(Yicai Global) Feb. 5 -- Semiconductor Manufacturing International Corporation, China’s biggest chipmaker, said demand for its products has remained strong and clients have not turned away, despite US sanctions.
SMIC can understand the concerns its customers have about the impact of the sanctions, co-chief executive Zhao Haijun said this morning as the company delivered its first earnings report since it was added in December to the US commerce department’s so-called Entity List, a catalog of firms barred from doing business with American companies without special permission.
“We would also have frankly negotiated with them had they started to choose some alternatives, but we have not yet found any client that wanted to part ways with SMIC,” Zhao said.
Expansion of the world’s chip-making sector has not been able to keep up with demand, Zhao said, adding that last year Shanghai-based SMIC increased its production capacity for 8-inch chips at its Tianjin plant, and that for 12-inch chips at its Beijing facility, but it still failed to meet demand.
Zhao admitted that SMIC’s advanced processing business had declined due to the sanctions against Huawei Technologies, its main client in the field.
Regarding the possibility of a price hike for chip products, Zhao said SMIC would respect existing agreements, “especially for our long-term and strategic clients.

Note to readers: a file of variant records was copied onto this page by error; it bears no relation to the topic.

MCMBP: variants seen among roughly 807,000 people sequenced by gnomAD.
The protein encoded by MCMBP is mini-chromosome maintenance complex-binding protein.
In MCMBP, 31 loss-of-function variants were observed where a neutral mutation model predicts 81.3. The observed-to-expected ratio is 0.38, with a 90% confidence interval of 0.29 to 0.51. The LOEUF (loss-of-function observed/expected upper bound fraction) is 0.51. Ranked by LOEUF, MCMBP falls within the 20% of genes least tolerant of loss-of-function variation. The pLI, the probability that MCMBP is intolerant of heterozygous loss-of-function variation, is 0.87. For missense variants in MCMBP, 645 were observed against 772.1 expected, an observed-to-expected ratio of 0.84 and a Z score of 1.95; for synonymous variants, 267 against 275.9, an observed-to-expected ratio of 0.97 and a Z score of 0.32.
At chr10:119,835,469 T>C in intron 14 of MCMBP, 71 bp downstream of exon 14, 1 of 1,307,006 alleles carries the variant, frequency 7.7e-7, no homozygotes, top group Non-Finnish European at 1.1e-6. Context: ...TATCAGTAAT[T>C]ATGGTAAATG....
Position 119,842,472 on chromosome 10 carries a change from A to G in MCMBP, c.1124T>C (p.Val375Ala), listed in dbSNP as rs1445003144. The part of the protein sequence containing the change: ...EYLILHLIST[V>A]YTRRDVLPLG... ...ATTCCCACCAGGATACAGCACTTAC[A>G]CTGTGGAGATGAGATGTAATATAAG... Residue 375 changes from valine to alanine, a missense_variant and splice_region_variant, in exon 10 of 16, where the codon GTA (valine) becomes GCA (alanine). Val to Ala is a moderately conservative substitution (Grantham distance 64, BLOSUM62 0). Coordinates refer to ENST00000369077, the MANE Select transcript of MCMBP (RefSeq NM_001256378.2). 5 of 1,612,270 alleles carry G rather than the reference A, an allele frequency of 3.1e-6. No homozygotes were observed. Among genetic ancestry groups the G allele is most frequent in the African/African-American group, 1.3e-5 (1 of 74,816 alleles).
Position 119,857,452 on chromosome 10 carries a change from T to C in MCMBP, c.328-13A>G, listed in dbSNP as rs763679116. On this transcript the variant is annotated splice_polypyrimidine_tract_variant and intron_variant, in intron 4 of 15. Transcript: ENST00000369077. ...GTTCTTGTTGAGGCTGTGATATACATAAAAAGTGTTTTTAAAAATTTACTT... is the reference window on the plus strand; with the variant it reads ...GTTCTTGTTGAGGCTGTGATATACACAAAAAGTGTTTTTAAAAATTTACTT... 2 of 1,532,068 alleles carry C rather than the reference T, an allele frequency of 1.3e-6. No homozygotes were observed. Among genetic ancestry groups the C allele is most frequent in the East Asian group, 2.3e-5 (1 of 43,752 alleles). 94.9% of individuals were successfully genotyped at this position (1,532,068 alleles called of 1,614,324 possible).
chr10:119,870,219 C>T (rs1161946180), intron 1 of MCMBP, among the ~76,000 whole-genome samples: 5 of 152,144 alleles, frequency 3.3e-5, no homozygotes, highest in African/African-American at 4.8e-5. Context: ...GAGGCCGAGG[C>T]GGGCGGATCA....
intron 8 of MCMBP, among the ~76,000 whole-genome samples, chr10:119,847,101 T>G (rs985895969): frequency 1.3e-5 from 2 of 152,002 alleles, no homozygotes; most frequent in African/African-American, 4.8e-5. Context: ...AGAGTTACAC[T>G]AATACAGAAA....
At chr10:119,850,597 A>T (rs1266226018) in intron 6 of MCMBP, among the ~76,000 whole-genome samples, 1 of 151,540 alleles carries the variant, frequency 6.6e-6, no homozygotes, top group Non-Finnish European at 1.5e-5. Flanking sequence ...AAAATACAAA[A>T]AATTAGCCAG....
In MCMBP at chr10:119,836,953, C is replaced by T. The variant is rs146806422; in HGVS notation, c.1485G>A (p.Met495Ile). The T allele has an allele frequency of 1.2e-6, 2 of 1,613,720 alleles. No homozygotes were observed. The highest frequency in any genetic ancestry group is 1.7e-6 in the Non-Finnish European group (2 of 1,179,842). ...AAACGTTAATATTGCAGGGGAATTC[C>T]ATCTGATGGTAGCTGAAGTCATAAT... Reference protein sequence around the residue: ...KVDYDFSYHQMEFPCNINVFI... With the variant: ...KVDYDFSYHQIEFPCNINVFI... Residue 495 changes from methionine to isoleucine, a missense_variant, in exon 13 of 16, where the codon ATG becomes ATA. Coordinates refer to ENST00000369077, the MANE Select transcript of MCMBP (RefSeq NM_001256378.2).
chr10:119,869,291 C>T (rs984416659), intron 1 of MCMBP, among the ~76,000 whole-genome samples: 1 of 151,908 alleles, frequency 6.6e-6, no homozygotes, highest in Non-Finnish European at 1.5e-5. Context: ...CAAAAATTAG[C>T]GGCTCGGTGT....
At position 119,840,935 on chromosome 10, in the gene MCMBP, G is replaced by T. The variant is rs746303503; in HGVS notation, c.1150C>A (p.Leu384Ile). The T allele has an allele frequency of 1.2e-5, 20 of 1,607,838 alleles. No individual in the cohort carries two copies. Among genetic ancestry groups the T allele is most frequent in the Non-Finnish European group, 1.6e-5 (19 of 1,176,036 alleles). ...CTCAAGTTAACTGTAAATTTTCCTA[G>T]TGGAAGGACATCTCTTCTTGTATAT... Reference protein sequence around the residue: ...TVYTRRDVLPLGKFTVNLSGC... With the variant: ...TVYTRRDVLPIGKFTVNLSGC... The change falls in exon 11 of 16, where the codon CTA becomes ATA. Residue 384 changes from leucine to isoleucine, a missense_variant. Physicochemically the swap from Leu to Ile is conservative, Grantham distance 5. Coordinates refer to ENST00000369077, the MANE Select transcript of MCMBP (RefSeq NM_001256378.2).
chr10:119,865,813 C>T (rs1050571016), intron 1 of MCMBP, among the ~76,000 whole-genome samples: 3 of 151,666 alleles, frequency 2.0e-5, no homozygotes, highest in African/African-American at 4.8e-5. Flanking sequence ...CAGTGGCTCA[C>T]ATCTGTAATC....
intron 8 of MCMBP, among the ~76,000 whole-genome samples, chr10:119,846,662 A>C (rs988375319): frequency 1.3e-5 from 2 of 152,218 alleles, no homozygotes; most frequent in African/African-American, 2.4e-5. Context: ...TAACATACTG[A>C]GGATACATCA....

“We will deal with the price hike by negotiating with clients and adopting a win-win strategy, but SMIC will completely respect the contracts that have been inked,” he said.
SMIC still faces uncertainties this year due to the sanctions, but Zhao also said that first-quarter revenue is predicted to rebound to more than USD1 billion.
Zhao said the firm will keep expanding production capacity, but it will not be ready until the second half, “so the newly expanded capacity will not contribute much to this year’s business income and the full-year revenue is expected to have a single-digit increase, close to 10 percent.”
Another issue is that SMIC’s normal production relies on upstream provision of semiconductor devices, corresponding materials and electronic design automation software, Zhao said, so the company is now actively applying for export permits for relevant products from its suppliers.
Global automakers are facing a dearth of chips, but Zhao said that chips for vehicles “do not contribute much to SMIC’s business revenue, so they will not affect overall business performance.”
Editors: Tang Shihua, Tom Litting